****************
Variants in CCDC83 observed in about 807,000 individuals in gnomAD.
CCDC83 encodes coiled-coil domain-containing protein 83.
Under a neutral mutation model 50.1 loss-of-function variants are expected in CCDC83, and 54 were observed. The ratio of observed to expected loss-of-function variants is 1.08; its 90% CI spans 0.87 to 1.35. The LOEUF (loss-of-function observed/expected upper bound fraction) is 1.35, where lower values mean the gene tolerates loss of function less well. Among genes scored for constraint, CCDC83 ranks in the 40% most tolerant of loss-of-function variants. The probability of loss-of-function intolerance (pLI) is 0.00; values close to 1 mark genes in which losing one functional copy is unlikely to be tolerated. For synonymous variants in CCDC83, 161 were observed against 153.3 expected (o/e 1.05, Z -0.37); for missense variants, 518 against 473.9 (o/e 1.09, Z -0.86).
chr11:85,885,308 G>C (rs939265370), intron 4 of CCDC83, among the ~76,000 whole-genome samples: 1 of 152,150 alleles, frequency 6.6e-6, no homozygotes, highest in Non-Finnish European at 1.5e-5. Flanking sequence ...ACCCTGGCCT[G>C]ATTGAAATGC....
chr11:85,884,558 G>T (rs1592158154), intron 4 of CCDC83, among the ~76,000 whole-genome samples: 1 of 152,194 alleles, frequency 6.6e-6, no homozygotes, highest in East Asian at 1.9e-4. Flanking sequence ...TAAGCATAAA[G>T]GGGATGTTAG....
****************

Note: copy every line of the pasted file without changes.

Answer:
Variants in CCDC83 observed in about 807,000 individuals in gnomAD.
CCDC83 encodes coiled-coil domain-containing protein 83.
Under a neutral mutation model 50.1 loss-of-function variants are expected in CCDC83, and 54 were observed. The ratio of observed to expected loss-of-function variants is 1.08; its 90% CI spans 0.87 to 1.35. The LOEUF (loss-of-function observed/expected upper bound fraction) is 1.35, where lower values mean the gene tolerates loss of function less well. Among genes scored for constraint, CCDC83 ranks in the 40% most tolerant of loss-of-function variants. The probability of loss-of-function intolerance (pLI) is 0.00; values close to 1 mark genes in which losing one functional copy is unlikely to be tolerated. For synonymous variants in CCDC83, 161 were observed against 153.3 expected (o/e 1.05, Z -0.37); for missense variants, 518 against 473.9 (o/e 1.09, Z -0.86).
chr11:85,885,308 G>C (rs939265370), intron 4 of CCDC83, among the ~76,000 whole-genome samples: 1 of 152,150 alleles, frequency 6.6e-6, no homozygotes, highest in Non-Finnish European at 1.5e-5. Flanking sequence ...ACCCTGGCCT[G>C]ATTGAAATGC....
chr11:85,884,558 G>T (rs1592158154), intron 4 of CCDC83, among the ~76,000 whole-genome samples: 1 of 152,194 alleles, frequency 6.6e-6, no homozygotes, highest in East Asian at 1.9e-4. Flanking sequence ...TAAGCATAAA[G>T]GGGATGTTAG....